© Al Wilson

© Al Wilson

As the sun goes down on Melbourne, office workers flood the streets, pumping like blood through the public transport system; the city turns on her neon lights and cranks up the volume.

The Yarra loses its unhealthy brown lapping and takes on a petrol black sheen, throwing back the lights of the city like a mirror in her face. Walking along the river’s banks you can hear them before you see them; the party boats.

The most common variety, the “pigeon” of the river, chugs long low to the water, like a semi-submerged bus; a tiny deck carved into the rear like an afterthought, or a beer garden tacked on after Melbourne’s smoking ban came into force.

Neon disco lights stamp out flashing silhouettes of the revellers within, as they dance to pumping top 40 tunes.

It’s a particular style of party that goes on within these boats. The kind that conjures memories of university parties, with beer-soaked chips and cheap wine. They are commonly the venue for the kind of parties that feed the greeting card industry; milestone birthdays, hens’ and bucks’ nights, the office Christmas bash or year 12 graduation — parties with purpose.

And so it is that I am here; being told to “watch my step” down the stairs, as I navigate my way from the metal gangplank, and down into the depths of the boat. Ours is the Yarra Duchess, property of Melbourne River Cruises.

It is a friend’s 30th birthday, and unfortunately for us it happens to be around 35 degrees in Melbourne. The encroaching night sky seems only to have trapped the day’s heat like a water glass over a cockroach. Stepping into the boat therefore becomes like stepping into a sauna. Rule number one; party boats, lined with their large-touring windows, suck in the heat.

The effect is such that our party steps into the boat and, like salmon seeking out their stream of birth, we file along her breadth and up out onto the deck behind, knocking our heads in quick succession on her low-hanging exit as we go. Rule number 2; watch you head, and try to grow only more vigilant as the night wears on.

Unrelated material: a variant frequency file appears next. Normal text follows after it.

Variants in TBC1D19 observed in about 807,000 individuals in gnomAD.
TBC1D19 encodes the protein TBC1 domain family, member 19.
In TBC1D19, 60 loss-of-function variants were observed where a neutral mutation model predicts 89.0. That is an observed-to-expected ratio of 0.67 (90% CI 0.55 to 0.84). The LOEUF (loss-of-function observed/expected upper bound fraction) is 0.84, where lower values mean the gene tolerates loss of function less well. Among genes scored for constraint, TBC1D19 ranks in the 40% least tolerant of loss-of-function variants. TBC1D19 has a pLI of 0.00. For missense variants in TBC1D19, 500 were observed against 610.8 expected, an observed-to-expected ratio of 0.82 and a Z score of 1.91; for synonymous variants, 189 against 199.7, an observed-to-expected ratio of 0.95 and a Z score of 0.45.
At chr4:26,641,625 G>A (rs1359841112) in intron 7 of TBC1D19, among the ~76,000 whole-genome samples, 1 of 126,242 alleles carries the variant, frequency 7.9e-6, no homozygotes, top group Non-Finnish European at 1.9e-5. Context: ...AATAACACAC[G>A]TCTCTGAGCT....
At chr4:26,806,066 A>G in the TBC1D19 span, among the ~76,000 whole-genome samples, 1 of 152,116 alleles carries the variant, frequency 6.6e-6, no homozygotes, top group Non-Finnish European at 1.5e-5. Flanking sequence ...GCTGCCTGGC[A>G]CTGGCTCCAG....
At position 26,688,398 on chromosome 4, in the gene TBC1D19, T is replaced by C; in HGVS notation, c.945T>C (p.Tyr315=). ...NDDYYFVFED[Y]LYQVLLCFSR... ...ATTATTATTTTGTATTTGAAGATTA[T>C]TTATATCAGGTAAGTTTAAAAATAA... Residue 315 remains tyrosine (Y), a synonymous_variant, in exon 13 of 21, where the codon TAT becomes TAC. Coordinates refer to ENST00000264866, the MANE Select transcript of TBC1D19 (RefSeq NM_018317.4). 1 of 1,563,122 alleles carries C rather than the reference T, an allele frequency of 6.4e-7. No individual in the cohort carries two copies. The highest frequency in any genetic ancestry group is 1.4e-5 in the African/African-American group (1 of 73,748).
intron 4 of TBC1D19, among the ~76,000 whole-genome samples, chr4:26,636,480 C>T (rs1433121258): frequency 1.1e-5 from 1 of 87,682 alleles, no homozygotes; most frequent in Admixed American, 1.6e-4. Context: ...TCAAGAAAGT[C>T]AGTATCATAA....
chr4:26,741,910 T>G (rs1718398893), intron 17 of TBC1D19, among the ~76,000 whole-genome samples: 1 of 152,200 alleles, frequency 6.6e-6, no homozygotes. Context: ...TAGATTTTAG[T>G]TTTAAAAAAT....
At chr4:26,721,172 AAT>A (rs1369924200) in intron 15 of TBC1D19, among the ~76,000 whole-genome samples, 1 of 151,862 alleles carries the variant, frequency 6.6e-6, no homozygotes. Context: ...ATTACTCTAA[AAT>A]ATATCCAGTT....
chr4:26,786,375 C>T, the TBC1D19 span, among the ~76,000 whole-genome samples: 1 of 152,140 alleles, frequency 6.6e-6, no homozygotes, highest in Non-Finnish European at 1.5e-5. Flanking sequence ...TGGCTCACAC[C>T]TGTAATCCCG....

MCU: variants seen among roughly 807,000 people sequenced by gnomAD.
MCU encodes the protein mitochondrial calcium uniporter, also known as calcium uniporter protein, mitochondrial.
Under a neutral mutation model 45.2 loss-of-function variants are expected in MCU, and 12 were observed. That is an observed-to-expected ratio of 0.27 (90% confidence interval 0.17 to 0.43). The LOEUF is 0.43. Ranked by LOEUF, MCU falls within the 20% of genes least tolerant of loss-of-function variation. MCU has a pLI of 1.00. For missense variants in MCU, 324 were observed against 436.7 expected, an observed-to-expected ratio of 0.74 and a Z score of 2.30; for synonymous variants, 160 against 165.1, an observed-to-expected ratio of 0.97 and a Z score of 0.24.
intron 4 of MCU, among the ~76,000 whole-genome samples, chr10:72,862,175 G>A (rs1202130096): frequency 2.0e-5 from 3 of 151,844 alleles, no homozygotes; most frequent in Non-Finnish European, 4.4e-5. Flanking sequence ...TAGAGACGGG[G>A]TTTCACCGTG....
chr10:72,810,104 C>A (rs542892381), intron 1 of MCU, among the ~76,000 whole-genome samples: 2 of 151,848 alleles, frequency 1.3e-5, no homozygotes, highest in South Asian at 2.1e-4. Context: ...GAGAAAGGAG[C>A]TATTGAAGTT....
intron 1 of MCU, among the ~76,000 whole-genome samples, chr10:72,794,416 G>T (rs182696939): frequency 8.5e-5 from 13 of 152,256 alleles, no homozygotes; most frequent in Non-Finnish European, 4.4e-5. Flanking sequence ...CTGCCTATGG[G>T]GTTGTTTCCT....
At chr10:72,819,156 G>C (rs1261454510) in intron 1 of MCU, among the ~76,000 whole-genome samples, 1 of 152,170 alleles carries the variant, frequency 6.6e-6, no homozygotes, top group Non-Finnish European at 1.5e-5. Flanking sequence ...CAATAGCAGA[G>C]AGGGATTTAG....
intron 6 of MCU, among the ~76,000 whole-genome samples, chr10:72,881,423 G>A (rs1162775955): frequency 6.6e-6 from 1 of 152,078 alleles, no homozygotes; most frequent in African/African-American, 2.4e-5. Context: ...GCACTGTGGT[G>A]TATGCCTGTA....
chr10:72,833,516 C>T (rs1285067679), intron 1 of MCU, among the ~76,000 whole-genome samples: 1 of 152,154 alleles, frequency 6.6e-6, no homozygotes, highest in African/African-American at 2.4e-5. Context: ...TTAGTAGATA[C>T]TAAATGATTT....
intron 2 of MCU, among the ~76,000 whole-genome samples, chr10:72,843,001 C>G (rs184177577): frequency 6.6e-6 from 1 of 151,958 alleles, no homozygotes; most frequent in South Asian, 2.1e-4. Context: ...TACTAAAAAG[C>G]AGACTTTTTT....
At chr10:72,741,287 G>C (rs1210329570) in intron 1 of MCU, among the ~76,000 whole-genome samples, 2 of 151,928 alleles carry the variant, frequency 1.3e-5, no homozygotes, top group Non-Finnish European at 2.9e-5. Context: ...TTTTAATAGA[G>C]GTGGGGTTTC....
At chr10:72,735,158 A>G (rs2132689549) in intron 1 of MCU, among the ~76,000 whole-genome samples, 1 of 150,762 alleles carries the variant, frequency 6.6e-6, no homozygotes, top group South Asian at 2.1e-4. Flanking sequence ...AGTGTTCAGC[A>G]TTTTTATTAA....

On the deck you can survey the city with the wind in your hair. It is a warm and hairstyle destroying wind, but it is pleasant nonetheless. The city truly is beautiful from this vantage point, bathed in a flattering evening light.

There is a small bin on one side of the deck which will necessitate the constant breaking up of chatting groups throughout the night as people seek out a refuge for their cigarette butts. At least I hope this was kept up, although I honestly can’t swear that some weren’t put off by the effort later on and emboldened by the night’s shadows to surreptitiously sink their rubbish into the river. All I can say is thank god for the river’s rubbish traps, however jarring they may be aesthetically.

We are given a lecture on safety. It concerns listening for the boat’s horn, at which we must duck down if we are outside on the deck. Apparently the Yarra’s bridges are quite low.

And then the bar is opened. The beers are served in glasses smaller than your average water glass. They’re smart, these party boat operators. Years of 18ths and bucks parties have taught them the value of tiny portions.

There’s food also. It seems to have been transported from some time in the past when all party food came festooned with its own toothpick. So we prise meatballs from their woody supports, and more meat, this time stacked kebab-style, from along skewers. There are sandwiches too, crusts removed, and ready to party.

The circular route that our boat laps offers vistas of the city, cutting through Southbank and the Docklands, as well as views of parkland, including the Botanical Gardens. There is also the chance to see a display of Melbourne’s moneyed homes as they lounge, sprawled and decadent, down the banks of the river in Toorak, Kooyong and Hawthorn.

With the DJ spinning and popular r&b pumping, the heat is not enough to put people off.

The staff are dressed in slightly ridiculous sailer getup, but the costumes still demand authority. Later in the evening, when one of the brass-buckled employees is straddling a support pole within the ship, swinging suggestively at the circle of onlookers, it adds a kind of fetish-party flair to the evening. Horny sailor boys and shiny poles, you like them? We got ‘em all on board the party boat.

All in all it’s a fun night. The staff are friendly, possibly too friendly, but only much like all service staff are.

After four hours onboard, the exit is assisted much like the entrance, with a “watch your step, have a good night”.

At 11pm, on the banks of the river and with Melbourne laid out before us like a web of opportunities, the party boat pushes us off for our next adventure. I imagine this is how most parties end on the river, with a new beginning somewhere else in Melbourne’s streets.

Although we sailed with Melbourne River Cruises, there are numerous other cruising companies set up to cater for your wildest partying dreams. Melbourne River Cruises runs a fleet of seven ships, including the Yarra Countess, Yarra Empress, Yarra Queen, Yarra Princess, Yarra Duchess, Yarra Explorer, and the Spirit of Melbourne.

The ships range in size and cater for parties from 40 people to 150 at the most for cocktails, and 100 for a banquet-style event. For enquires you can visit the website, or pop along to Vault 11 Banana Alley, Melbourne.